Creating a burr on a scraper

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Hi everyone,
Just wondering - would it be possible to sharpen a scraper by using a burnisher instead of the grinding wheel?
And if so, would any really hard steel do the job - perhaps a file with the teeth ground off, or a rod of HSS or carbide (such as a broken carbide drill or router cutter)? I was thinking of the scrapre placed flat on a bench and the burnisher being hand held. Has anyone any experience with this? I seem to remember a Veritas jig for rubbing a turning scraper against a carbide post but these seem to be unavailable now so I was thinking of a diy version.

K
 
Any smooth metal harder than the steel will work to turn the burr. The shank of a solid carbide endmill for example.

Ollie
 
I didn't even know you could sharpen one with a grinder. I've used some screwdrivers in the past to get the burr on them.
When I do them I put them at the edge of a bench to get the burr started and move to them into a vice to flair out and angle the burr.
 
Only two nights ago I used my scrapers after a long time (need to sand one of the presents, couldn't use the sander as it was 11 at night), so deburred my scrapers fully and established fresh burrs on them using an oil stone.

Same as above, I didn't know once can sharpen scrapers on a grinding wheel. I use an HSS rod bought off eBay a while ago, handheld, while the scraper is held in the vice. I do use thin strips of wood (narrower than the scraper) on either side of the scraper to avoid flattening the new burnished burr when doing the second long edge, if that makes sense.

I clamp it so that only a small portion (about 5 mm) of the scraper is sticking above the vice and burnish it at a shallow angle.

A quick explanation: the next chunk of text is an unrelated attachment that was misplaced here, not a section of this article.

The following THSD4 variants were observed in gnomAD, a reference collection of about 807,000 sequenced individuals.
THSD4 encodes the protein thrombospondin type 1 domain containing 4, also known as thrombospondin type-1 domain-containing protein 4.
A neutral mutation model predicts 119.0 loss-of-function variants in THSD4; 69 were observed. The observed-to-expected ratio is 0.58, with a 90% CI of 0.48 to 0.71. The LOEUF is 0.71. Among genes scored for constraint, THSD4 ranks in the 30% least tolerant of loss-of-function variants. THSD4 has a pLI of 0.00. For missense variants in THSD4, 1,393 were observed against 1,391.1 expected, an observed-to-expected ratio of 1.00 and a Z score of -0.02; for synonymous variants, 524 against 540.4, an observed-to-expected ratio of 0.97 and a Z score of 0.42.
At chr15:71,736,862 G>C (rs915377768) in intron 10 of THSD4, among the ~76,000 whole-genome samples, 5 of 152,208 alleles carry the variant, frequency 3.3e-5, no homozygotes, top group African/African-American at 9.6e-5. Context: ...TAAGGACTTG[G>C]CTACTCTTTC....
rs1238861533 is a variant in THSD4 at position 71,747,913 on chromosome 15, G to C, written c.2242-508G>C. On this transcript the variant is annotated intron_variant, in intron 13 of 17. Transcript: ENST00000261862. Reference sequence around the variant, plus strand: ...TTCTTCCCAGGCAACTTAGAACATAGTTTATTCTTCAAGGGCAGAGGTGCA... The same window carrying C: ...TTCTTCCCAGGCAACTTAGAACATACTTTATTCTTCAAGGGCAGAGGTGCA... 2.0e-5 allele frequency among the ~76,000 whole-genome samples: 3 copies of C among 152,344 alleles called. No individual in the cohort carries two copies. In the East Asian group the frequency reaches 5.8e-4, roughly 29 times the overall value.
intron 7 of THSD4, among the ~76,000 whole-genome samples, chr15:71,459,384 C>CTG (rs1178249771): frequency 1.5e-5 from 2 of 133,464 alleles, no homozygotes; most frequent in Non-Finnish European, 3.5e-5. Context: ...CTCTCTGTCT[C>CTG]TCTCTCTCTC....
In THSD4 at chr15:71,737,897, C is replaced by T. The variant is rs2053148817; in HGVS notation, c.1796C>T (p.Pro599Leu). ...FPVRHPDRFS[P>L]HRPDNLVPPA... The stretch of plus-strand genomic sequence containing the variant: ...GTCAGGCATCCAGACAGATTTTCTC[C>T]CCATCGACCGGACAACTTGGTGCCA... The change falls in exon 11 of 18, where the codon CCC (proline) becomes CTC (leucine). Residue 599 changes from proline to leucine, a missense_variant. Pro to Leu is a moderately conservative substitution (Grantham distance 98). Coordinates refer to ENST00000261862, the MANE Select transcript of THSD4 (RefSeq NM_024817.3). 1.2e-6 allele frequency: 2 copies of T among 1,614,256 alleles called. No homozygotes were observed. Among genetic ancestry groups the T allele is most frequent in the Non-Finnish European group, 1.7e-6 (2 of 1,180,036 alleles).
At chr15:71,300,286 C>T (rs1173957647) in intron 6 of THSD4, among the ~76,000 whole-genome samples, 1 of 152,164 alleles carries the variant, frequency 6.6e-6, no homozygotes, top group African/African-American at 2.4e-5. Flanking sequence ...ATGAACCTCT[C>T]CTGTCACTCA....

If you are feeling fancy, you can get yourself one of the Arno burnishers (£30-£35) Never heard a bad word about them. But an old, long and smooth screwdriver shaft will do a good job or an HSS rod like I mentioned I use.

The whole project took very little time to finish as I had done all the hard work with the scrapers, and no noise!
 
Ah, my fault there, sorry for the confusion. I was asking about a wood turning scraper. I have a few older Marples carbon steel scrapers, and some HSS ones. Phil, any idea what I could use on a HSS woodturning scraper? Would carbide work?

K
 
I thought that was what you meant, but I wonder if others did. They take seconds to grind - why would you wish to make hard work of it? Incidentally, the pro turner at the club said it made no difference whatsoever whether they're ground up side down or not. I grind them upside down - there is no burr at all if they're ground face up, so the burr can't be that important.
 
OK, the Veritas burnisher is back in production after being AWOL for a while and is available in the UK.

More importantly I shared this video a while back on another forum ref. raising burrs and the fella was won over. It is more in ref. to Neg rake but applicable to all.



Run it back to the beginning.
 
Forgive if this is old news, but someone may learn from it. The secret with sharpening/dressing turning chisels on the ginder is that the tip should never get hot whilst u're grinding. Dipping it in water whilst grinding is a myth - the edge will not keep if the metal is overheated. Soft stone, gentle pressure and patience!
 
If you are feeling fancy, you can get yourself one of the Arno burnishers (£30-£35) Never heard a bad word about them. But an old, long and smooth screwdriver shaft will do a good job or an HSS rod like I mentioned I use.


I got an Arno Carbur 2 Solid from Workshop Heaven last year sometime. Came in a dinky little leather wallet thing which I promptly lost to the wife for some purpose!
I use cabinet scrapers a lot, essentially for levelling marquetry inlays prior to finishing, so anything that helps/speed up the sharpening process is a boon.
Pricey, yes, but brilliant to use.
 
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